Keith Richard: The greatest survivor of rock 'n' roll
He's the hellraiser who has survived decades of drugs, debauchery and chaos ... all with his health and his marriage and family intact. As he releases a new studio album, Julia Molony looks at the remarkable life of Keith Richards.
A few years ago, Keith Richards and his wife and extended family gathered for a get-together and sun-kissed photo shoot at their tropical retreat on Parrot Cay in the Caribbean. They are a glamorous bunch, a motley crew of grown-up children, golden-headed grandchildren, step-brothers and sisters, the handsome, living and breathing evidence of Richards' colourful life. The pictures were a world away from the dark, self-destructive image with which Keith Richards name is associated.
Now off the drugs, though still fond of a fag and tipple, his life these days is more Sunday supplement than tabloid scandal.
From his formerly chaotic and often dysfunctional approach to relationships and child-rearing, Keith has created a sprawling, messy, but apparently happy family.
Throughout the 70s and the 80s Richards spent over 10 years on a list of celebrities most expected to die young. He'd already had a few narrow escapes by then - perhaps most memorably in 1965, when he was electrocuted on stage by his guitar and knocked out for a full seven minutes before he finally came to, sat up, scratched his chin and asked, "what do I do for an encore?" But it wasn't the wiring that was the greatest risk to his health. For decades, he was wholeheartedly and cheerfully committed to drugs and bad behaviour. He once memorably described a cocktail of heroin and cocaine as "the breakfast of champions." And yet he's survived it all. In 2015, he's still going strong, celebrating more than three decades of marriage this year to former model Patti Hansen, and a new solo album just released to widespread critical acclaim.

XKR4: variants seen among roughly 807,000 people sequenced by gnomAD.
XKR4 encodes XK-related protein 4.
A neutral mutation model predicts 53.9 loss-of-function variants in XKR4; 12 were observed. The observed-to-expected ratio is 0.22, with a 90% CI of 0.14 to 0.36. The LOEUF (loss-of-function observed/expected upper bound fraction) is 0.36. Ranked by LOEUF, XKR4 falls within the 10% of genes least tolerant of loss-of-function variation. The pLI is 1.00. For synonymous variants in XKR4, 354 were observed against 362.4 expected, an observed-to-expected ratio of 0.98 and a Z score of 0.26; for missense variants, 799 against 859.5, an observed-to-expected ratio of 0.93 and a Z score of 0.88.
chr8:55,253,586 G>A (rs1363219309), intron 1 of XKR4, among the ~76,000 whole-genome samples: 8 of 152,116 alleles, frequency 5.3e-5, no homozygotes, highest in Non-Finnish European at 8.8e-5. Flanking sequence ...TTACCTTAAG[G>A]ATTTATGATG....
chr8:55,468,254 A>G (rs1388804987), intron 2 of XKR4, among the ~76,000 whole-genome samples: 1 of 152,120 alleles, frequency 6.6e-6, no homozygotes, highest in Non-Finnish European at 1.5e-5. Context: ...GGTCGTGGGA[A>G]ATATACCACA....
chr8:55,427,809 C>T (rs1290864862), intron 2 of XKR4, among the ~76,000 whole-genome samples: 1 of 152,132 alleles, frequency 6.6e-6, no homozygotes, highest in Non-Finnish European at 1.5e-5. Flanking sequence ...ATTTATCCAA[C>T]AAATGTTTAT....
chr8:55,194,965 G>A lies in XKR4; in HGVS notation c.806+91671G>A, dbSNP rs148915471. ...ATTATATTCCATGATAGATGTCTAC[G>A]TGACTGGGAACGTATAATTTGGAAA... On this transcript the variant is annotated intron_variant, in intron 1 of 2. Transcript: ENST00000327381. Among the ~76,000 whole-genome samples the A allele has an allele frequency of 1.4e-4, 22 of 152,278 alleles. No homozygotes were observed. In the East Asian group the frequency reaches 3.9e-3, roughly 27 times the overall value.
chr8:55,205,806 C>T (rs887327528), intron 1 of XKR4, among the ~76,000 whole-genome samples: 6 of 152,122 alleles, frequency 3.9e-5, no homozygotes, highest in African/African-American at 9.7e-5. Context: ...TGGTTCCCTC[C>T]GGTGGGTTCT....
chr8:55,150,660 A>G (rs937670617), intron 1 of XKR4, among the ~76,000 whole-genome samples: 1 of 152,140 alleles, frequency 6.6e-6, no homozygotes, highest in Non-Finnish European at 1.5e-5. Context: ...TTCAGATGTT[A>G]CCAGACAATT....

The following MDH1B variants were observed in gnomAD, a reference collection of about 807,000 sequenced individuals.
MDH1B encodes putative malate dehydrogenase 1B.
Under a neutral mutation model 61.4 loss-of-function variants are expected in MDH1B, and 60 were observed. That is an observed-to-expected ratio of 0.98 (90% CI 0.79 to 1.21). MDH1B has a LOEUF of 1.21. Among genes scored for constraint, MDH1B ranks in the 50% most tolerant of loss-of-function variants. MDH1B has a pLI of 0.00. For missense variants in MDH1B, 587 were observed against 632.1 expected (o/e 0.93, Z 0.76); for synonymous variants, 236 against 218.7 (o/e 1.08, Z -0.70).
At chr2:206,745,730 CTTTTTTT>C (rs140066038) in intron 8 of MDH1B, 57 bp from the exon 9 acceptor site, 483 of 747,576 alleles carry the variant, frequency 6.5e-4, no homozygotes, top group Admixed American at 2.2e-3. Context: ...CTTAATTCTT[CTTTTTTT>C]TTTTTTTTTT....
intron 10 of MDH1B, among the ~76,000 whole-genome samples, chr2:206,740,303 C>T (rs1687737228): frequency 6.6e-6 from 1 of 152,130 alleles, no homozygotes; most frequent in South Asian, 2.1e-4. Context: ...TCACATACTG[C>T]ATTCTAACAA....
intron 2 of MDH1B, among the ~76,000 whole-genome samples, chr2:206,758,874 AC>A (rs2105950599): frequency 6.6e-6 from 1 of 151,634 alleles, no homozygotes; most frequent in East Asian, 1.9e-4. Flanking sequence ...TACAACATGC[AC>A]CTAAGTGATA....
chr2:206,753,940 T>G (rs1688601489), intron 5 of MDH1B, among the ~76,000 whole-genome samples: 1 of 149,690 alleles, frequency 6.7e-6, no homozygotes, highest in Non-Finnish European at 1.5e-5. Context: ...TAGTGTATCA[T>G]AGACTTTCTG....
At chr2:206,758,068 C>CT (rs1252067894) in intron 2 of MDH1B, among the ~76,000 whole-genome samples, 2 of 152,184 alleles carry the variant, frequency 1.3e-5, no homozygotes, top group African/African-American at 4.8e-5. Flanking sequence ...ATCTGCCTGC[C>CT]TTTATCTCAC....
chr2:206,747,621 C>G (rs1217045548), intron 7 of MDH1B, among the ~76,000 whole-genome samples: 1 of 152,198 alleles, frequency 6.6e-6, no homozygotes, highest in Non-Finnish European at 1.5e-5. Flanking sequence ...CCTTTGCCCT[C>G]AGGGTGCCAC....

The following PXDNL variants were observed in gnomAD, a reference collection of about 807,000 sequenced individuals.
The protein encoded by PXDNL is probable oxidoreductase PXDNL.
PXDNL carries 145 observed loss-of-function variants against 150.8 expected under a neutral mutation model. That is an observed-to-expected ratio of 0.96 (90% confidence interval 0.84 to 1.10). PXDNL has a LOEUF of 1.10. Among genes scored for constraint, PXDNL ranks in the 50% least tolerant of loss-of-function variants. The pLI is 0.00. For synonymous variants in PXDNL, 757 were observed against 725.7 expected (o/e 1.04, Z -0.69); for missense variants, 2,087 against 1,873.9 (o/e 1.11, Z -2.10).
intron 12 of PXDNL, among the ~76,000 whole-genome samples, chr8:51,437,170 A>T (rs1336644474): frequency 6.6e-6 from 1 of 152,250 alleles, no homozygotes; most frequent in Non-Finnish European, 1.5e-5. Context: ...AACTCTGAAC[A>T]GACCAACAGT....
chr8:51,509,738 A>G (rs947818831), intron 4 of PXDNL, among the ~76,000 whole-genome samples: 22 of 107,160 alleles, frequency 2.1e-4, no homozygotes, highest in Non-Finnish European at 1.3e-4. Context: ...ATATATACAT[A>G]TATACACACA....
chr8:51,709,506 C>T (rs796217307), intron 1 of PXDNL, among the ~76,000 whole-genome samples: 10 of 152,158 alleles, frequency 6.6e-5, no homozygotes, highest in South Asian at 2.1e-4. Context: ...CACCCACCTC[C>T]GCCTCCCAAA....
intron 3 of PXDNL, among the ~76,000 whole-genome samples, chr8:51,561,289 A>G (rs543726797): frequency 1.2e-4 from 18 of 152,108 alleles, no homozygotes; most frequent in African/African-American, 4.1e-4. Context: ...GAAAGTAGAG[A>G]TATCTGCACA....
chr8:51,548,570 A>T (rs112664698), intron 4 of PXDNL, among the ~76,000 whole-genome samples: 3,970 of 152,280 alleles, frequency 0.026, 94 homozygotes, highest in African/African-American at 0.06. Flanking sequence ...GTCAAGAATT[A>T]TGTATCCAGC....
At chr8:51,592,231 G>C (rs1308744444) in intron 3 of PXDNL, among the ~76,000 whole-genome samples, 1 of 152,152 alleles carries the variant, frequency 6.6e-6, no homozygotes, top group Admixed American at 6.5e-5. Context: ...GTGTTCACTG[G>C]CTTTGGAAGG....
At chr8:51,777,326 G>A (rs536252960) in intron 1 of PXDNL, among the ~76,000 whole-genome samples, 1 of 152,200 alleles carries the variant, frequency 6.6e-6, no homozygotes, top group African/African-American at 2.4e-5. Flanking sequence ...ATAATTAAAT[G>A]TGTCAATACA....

He was always a bit of a rebel. The son of an electrician he grew up in Dartford, Kent in a flat above a grocer's shop. But his was a bohemian and arty family populated by actors and musicians. They were unconventional too - his mother split with his father so she could marry her toy boy. Keith ended up expelled from technical college as a teenager. In his memoir, Life published in 2010, he wrote that he grew up in a neighbourhood where "everyone is a thief".
There is an element of performance involved in being Keith Richards. In an interview in 2010 he complained to The Telegraph's Neil McCormick of the burden of upholding the image, saying he sometimes gets "real sick of the skulls and sh*t ... The image thing is a ball and chain. There's nobody like Keith Richards that would ever be alive. No way. But you can't buck the image. As long as I don't have to be that guy all the time, or with my friends. I guess the Keith Richards hard man is something that gives me the room to be who I really am. He's my perimeter defences."